So how are these Archaea so different from Bacteria that they get their own subdivision? Biologist Carl Woese in 1977 argued they are indeed a different form of life. He showed that in much of their chemical make-up and their genetic sequencing, Archaea not only are distinct from Bacteria but are in some ways closer relatives than Bacteria to the Eukaryotic cells that form plants and animals.

I’ll describe a few features that Archaea and Bacteria have in common and then some features that are unique to Archaea. The information, from Wikipedia and elsewhere, is quite specialized and my renderings of it are admittedly general and selective.

Both Archaea and Bacteria are small, unstructured, and simple compared to the Eukaryotes that came after them. But one achievement they both share has been to try out nearly every possible chemical or environmental source to get their energy. Sunshine, salty water, temperatures ranging from volcanic to polar, even radioactive settings—varieties of Bacteria and especially Archaea have found ways to draw energy from, and live off of, these and many other environments.

Another similarity is that Archaea and Bacteria don’t reproduce sexually; two cells don’t mingle their genes to form a new individual that is slightly different from the parents. Instead, individual cells just multiply themselves by two and then divide to form identical clones. But despite their reproductive sameness, they had—and have—a different trick for switching up their DNA. A Bacterium or Archaeon can pump some of its DNA into another cell. Or a cell can just pick up a bit of DNA floating near it. No merging, no swapping, just fresh ingredients. It’s one reason that antibiotic-resistant bacteria in hospitals can spread their immunity to other bacteria so quickly.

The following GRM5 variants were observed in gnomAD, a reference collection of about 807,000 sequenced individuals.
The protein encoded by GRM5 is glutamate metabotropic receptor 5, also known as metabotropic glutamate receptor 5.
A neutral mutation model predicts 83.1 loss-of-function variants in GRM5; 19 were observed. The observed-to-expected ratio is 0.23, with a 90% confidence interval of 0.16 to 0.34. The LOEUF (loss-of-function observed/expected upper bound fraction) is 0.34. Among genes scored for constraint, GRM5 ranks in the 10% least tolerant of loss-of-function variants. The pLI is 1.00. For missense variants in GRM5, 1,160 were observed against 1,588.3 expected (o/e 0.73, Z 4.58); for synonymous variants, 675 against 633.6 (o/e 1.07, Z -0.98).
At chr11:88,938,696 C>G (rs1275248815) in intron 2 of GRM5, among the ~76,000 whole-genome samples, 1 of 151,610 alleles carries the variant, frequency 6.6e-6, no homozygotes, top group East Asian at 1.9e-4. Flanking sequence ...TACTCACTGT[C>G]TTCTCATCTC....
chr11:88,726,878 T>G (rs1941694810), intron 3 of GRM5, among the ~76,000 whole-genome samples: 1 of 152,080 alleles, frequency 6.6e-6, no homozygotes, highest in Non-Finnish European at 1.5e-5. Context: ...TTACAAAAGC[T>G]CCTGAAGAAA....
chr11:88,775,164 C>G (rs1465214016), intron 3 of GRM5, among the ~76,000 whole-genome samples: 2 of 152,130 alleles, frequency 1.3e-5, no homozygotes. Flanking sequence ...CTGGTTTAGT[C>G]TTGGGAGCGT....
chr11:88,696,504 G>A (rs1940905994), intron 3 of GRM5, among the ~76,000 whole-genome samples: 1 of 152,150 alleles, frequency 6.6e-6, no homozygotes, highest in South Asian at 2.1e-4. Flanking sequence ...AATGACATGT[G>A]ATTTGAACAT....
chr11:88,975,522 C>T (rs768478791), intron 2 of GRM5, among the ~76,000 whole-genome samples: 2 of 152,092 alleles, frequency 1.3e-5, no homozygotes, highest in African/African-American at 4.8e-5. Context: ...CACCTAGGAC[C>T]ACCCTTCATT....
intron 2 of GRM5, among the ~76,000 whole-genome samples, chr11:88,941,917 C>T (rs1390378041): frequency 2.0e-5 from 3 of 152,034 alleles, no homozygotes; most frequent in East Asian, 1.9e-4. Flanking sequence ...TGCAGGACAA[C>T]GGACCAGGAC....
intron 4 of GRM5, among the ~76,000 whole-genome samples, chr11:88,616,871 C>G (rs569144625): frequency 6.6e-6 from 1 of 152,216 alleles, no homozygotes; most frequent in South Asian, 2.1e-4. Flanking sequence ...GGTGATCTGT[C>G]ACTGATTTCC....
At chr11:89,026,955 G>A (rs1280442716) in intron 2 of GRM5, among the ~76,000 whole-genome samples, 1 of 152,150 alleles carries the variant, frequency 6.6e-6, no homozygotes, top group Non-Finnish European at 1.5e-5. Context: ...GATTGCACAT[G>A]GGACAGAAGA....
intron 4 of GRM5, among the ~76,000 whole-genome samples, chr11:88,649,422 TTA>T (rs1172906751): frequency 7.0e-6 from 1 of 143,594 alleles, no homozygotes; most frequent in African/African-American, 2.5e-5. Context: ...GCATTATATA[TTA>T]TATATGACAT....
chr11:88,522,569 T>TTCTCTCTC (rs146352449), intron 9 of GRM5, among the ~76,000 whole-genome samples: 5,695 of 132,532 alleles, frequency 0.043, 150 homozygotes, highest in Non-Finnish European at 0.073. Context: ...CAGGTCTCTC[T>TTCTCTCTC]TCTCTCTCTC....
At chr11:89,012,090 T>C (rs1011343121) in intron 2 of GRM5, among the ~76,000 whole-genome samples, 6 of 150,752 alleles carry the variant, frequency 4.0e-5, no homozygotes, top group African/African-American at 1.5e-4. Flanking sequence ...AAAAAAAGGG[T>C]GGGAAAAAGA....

archaea hot springs yellowstone nationa park (earth-chronicles.com)

Archaea at home in a Yellowstone hot spring.       (earth-chronicles.com)

This gene-sharing is called lateral gene transfer, and it has an interesting feature. It doesn’t have to take place between members of the same species. For animals and plants, sexual reproduction, to be productive, almost always takes place within one species. But DNA can be transferred from any Bacterium or Archaeon to any other variety in those Domains if the conditions are right. If plants and animals could do that, the mind boggles. You might see squirrels transferring some of their DNA into dandelions. Or vice-versa. Such promiscuity makes it easier, I think, to imagine how Bacteria and Archaea have evolved in so many different kinds and colors in so many different environments.

Despite their similarities, though, Archaea are distinct from Bacteria in notable ways. Archaea were first discovered in extreme settings where Bacteria fear to tread: geysers, intensely salty water, even thermal vents at 251 degrees F, the hottest place any organism has been found living. Another feature is that, while some varieties of both Archaea and Bacteria get their energy from light, Archaea do it their own way, through a process unrelated to the photosynthesis that Bacteria passed on to plants. Importantly, too, only Archaea produce methane, essential to organic decomposition. Finally, while many Bacteria can make us sick—think Lyme, Cholera, Syphilis—Archaea may be nicer; no pathogenic Archaea have been discovered, so far.

Archaea and Bacteria had the Earth to themselves for well over a billion years. Then about 2 billion years ago, Eukaryotes appeared, evolving from their single-celled predecessors but larger and internally more developed. By then, Archaea, like Bacteria, had carried out much of the groundwork for living, pioneering what it takes to survive in different conditions, experimenting with energy sources, trying out each other’s genetic parts.

And they succeeded. They didn’t fade away after the sophisticated Eukaryotes began evolving into countless large species. Today, the total mass of Archaea and Bacteria on earth is at least equal to the mass of all the plants, animals and other organisms together. They got the basics right.